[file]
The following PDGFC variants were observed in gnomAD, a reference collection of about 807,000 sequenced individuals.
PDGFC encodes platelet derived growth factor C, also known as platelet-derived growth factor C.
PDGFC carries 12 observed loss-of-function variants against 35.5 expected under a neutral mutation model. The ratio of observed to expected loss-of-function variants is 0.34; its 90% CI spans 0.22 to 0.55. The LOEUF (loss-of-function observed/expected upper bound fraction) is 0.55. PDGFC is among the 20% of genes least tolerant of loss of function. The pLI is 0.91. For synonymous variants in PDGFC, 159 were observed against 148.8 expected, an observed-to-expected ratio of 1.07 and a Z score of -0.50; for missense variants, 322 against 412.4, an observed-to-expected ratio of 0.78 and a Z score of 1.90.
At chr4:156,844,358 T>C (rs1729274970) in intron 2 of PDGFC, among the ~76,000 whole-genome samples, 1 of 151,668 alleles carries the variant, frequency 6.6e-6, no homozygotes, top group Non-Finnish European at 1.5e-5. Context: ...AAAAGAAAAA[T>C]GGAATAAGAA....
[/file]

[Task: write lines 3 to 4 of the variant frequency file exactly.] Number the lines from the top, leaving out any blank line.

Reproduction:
PDGFC carries 12 observed loss-of-function variants against 35.5 expected under a neutral mutation model. The ratio of observed to expected loss-of-function variants is 0.34; its 90% CI spans 0.22 to 0.55. The LOEUF (loss-of-function observed/expected upper bound fraction) is 0.55. PDGFC is among the 20% of genes least tolerant of loss of function. The pLI is 0.91. For synonymous variants in PDGFC, 159 were observed against 148.8 expected, an observed-to-expected ratio of 1.07 and a Z score of -0.50; for missense variants, 322 against 412.4, an observed-to-expected ratio of 0.78 and a Z score of 1.90.
At chr4:156,844,358 T>C (rs1729274970) in intron 2 of PDGFC, among the ~76,000 whole-genome samples, 1 of 151,668 alleles carries the variant, frequency 6.6e-6, no homozygotes, top group Non-Finnish European at 1.5e-5. Context: ...AAAAGAAAAA[T>C]GGAATAAGAA....